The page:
Aichmophobia (/ˌkməˈfbiə/) is a kind of specific phobia, the morbid fear of sharp things,[1] such as triangles, stars, squares, pencils, needles, knives, darts, prickly plants (thistles) (weeds), cactus trees, pine needles, broken glass, broken porcelain, sharp pieces of wood, a pointing finger, or even the sharp end of an umbrella and different sorts of protruding corners or sharp edges in furnitures and building constructions/materials. It is derived from the Greek aichmē (point) and phobos (fear). This fear may also be referred to as belonephobia or enetophobia.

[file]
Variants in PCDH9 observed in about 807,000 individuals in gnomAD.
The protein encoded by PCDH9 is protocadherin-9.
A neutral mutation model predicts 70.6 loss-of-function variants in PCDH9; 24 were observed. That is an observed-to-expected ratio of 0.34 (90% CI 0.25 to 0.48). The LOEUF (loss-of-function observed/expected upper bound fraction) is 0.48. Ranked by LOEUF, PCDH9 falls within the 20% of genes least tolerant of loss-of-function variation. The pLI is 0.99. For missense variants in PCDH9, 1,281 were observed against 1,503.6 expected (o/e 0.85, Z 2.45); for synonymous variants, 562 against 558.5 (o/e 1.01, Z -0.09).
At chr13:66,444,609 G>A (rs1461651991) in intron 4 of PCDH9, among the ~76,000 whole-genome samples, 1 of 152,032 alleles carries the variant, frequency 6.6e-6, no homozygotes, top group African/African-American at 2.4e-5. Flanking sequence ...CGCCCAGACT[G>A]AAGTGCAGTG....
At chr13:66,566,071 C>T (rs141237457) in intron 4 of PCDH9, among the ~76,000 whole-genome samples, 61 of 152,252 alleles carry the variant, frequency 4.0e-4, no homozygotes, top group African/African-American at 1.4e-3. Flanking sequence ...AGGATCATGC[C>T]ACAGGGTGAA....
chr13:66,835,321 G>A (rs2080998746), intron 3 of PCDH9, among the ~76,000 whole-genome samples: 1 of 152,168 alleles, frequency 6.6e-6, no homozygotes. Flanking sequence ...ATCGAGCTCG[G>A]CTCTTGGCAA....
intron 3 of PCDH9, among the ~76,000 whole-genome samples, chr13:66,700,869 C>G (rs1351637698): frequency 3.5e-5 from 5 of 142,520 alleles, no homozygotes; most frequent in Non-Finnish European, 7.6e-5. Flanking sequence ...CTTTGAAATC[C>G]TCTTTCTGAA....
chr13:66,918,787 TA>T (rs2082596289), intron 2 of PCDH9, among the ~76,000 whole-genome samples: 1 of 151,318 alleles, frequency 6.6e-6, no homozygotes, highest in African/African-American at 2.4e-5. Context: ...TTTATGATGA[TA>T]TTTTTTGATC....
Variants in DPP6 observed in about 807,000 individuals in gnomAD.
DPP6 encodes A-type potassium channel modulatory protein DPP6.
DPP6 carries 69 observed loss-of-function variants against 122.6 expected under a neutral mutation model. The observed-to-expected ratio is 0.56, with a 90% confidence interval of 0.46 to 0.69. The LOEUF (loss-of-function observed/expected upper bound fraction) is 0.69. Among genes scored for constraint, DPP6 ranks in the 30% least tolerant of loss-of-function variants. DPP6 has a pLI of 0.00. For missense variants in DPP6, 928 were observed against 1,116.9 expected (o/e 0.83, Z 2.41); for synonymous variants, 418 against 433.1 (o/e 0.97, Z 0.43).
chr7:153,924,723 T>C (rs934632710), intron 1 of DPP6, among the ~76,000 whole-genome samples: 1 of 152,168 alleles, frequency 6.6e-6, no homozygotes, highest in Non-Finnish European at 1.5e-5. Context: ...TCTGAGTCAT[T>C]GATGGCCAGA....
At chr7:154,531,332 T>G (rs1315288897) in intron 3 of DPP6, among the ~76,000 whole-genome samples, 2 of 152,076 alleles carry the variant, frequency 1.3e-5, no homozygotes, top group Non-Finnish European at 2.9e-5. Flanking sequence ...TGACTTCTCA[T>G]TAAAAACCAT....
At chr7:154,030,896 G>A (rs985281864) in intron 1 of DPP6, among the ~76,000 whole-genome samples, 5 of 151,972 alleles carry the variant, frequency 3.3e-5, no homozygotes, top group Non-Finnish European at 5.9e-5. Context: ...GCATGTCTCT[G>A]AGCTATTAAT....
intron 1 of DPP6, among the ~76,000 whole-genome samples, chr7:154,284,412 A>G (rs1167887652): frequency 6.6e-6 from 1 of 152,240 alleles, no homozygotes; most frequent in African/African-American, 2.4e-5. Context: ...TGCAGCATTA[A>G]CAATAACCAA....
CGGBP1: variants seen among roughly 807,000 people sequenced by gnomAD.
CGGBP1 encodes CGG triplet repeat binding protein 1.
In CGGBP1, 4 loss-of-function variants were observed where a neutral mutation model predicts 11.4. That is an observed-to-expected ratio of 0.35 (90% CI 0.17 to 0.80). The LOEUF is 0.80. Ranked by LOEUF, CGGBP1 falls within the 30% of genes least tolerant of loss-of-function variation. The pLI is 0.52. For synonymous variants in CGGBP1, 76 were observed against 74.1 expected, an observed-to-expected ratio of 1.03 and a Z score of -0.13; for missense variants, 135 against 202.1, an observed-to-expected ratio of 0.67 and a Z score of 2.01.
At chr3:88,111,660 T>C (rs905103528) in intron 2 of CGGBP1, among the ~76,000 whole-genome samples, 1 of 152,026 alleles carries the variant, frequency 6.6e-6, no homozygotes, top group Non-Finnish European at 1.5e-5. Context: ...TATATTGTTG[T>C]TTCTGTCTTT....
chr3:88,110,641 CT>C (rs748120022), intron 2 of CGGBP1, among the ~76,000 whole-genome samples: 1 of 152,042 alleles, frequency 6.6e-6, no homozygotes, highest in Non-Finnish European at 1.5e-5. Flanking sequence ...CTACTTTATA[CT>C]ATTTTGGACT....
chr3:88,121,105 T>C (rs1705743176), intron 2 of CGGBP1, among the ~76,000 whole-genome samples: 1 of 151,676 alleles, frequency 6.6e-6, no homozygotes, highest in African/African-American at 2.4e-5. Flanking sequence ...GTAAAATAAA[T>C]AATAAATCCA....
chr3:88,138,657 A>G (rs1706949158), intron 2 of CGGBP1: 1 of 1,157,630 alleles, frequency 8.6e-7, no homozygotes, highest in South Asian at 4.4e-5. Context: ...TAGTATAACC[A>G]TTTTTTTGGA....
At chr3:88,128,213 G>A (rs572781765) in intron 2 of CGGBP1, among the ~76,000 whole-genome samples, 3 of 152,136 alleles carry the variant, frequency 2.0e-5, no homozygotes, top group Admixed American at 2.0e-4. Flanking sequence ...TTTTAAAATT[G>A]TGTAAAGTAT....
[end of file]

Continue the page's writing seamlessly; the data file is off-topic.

A common kitchen knife

Sometimes this general term is used to refer to what is more specifically called fear of needles, or needle phobia (trypanophobia). Fear of needles is the extreme and irrational fear of medical procedures involving injections or hypodermic needles.

Not to be confused with similar condition (Avoidance behavior) the Visual looming syndrome, where the patient does not fear sharp items, but feels pain or discomfort at gazing upon sharp objects nearby.

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  1. ^ "Aichmophobia". Medical Dictionary. Merriam-Webster. 2012. Retrieved 30 November 2012.